As a parent, the joy of Christmas lies in the eyes of your children. But I say we should be reticent to dispell that Santa magic. Disclaimer: Kids. This is boring parent’s stuff. You wouldn’t be interested.
Christmas is around the corner. Truthfully, I get really excited about the silly season…maybe even more so than the kids. I remember as a kid standing on the back steps searching the starry Christmas Eve sky for Santa and his sleigh. I actually convinced myself that I saw him!
I think most people remember that moment when they found out ‘the truth’. I wasn’t very old, maybe four or five. I had left Santa a gift under the tree. A rubber from the church bookshop that said “God loves you”. He needed to know! Anyway, later on in the year, I happened to find the same rubber in my Mum’s wardrobe and I just put two and two together.
My kids have grown up believing in the guy in the red suit. If they asked me directly if Santa was real I wouldn’t lie to them; they just never have. Every year we thought it would be the last.
As a nurse, I try to distract patients with chatter while changing dressings or jabbing them with needles etc. I’d had a discussion with one patient, an elderly man, about when I should tell my son about Santa. I never thought we would be the ones to break it to him…I just figured childhood would take care of it for me. But he was getting older and more than anything I wanted to prevent some major embarrassment at school. The patient said “Oh no, don’t tell him. Let him believe while he is a child. Once you take that magic away from him you can’t get it back. Let him be a child for a bit longer.”
Not so long after that, I said to my husband that I think it may be time to give our oldest the birds and the bees talk (he is currently 10). My husband who has the remarkable talent of seeing all things clearly said “he can’t know about sex and still believe in Santa”. So true. So he told him about Santa. Talking to my son about it later I asked if he was disappointed. He said “Kinda. I figured the Easter bunny wasn’t real, or the tooth fairy (because that’s ridiculous), but Christmas is so magical, I’m a bit sad.”
In Australia we have so few traditions that I have decided to milk this one for all its worth…that includes Santa. If you don’t want your kids to believe, that’s fine, but can you tell them to not ruin it for everyone else?
I know some people are firmly against the big guy in the red suit. They don’t want their kids to have trust issues because they lied to them about Santa. Each to their own. I’m yet to meet an adult who links their trust issues to their parents actively promoting St Nic. If anything, people seem to enjoy reminiscing about the excitement and anticipation they had as a Santa-believing child. Adults would pay good money to be able to experience the same kind of excitement and glee that kids get out of Christmas. I feel like this is an opportunity that exists only in childhood and I don’t want to rob my kids of that. I mean, if adults really remembered having a traumatic experience learning the truth about Santa, you’d think that there wouldn’t be so many adults willingly putting their kids through the same “trauma”. I think adults just remember the anticipation and delight that the belief in Santa allowed.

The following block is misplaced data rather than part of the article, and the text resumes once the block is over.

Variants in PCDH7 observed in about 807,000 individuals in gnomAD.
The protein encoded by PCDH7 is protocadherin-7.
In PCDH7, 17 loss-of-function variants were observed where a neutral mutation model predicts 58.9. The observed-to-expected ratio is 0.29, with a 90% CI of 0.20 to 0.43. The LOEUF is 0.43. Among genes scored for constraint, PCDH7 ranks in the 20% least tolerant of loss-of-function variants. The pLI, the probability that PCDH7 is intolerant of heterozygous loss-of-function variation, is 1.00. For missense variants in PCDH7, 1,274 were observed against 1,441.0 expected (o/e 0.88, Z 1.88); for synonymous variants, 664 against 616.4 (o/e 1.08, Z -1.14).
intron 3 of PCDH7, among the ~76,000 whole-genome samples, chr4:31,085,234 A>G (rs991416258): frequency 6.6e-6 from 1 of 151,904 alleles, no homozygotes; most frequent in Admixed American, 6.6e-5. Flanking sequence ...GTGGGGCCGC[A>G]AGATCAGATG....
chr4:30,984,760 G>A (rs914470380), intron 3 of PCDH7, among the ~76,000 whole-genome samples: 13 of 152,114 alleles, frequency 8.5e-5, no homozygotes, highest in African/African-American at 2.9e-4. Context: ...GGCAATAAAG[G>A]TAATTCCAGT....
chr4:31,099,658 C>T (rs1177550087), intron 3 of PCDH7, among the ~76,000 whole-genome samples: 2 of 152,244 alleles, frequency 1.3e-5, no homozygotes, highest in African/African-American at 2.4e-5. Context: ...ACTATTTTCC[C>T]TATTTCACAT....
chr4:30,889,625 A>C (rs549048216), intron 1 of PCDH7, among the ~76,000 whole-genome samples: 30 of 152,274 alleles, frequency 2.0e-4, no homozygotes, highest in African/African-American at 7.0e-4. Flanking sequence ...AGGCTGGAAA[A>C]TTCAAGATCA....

If you don’t want your kids to believe in Santa, that’s fine, but do me a favour, can you also tell them to not ruin it for everyone else? Last Christmas we met this little girl at a party. The first thing she said to my kids was “Santa isn’t real”…ahem. Some hours later I saw her run back over to her parents and say “no, we had it wrong, Santa is actually real, he really is”, all the kids standing behind her like excited chipmunks. The other kids at the party had infected her with Christmas magic. The Dad’s face was hilarious as he looked at his daughter and the 10 other kids behind her. I gave him my best “go ahead. I dare you” look, but he didn’t.
One strategy that I have heard of, and that I like, is that when they do ask you if Santa is real (in a direct and knowing kind of way) you congratulate them on figuring out the secret of the Christmas magic. It’s the parents that make Christmas magical and now they can help to do it too. It’s so fun as a parent re-creating your favourite Christmas memories for the next generation.